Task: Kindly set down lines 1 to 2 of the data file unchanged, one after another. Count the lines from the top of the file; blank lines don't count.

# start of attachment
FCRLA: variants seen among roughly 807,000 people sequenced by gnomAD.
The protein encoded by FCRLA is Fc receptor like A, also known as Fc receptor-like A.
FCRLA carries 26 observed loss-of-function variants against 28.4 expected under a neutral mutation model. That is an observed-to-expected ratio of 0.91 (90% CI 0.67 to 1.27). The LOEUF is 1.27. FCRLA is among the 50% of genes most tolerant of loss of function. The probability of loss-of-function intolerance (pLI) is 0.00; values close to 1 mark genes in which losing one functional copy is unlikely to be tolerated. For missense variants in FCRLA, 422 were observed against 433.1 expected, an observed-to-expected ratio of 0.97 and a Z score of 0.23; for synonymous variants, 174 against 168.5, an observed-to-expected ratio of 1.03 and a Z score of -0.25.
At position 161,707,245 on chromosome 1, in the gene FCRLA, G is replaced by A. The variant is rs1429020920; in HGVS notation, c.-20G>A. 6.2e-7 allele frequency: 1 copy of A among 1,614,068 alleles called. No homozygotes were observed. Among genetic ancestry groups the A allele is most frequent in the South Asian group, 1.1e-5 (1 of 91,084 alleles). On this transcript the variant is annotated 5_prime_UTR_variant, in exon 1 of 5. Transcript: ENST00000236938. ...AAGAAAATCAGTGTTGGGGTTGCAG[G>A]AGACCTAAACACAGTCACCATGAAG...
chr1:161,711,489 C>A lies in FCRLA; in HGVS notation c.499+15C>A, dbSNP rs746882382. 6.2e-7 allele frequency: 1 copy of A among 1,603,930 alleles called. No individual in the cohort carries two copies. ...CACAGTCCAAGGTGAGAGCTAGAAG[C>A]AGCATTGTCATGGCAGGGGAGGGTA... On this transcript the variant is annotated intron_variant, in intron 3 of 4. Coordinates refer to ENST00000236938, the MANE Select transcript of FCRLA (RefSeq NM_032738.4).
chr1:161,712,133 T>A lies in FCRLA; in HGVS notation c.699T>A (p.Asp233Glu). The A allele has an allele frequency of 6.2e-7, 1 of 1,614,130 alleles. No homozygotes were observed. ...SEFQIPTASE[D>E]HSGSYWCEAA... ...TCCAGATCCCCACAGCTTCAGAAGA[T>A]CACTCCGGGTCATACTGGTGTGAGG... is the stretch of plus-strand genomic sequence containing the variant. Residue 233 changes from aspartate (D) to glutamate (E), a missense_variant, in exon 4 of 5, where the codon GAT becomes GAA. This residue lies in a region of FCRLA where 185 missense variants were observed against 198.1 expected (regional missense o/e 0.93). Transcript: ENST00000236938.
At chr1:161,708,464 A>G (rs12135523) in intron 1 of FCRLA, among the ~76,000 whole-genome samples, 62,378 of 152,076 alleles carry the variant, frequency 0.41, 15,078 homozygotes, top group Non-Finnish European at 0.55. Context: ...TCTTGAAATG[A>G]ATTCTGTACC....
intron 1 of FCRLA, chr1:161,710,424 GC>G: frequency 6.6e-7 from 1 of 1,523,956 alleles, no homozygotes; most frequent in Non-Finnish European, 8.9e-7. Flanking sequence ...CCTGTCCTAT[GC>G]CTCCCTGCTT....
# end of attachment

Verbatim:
FCRLA: variants seen among roughly 807,000 people sequenced by gnomAD.
The protein encoded by FCRLA is Fc receptor like A, also known as Fc receptor-like A.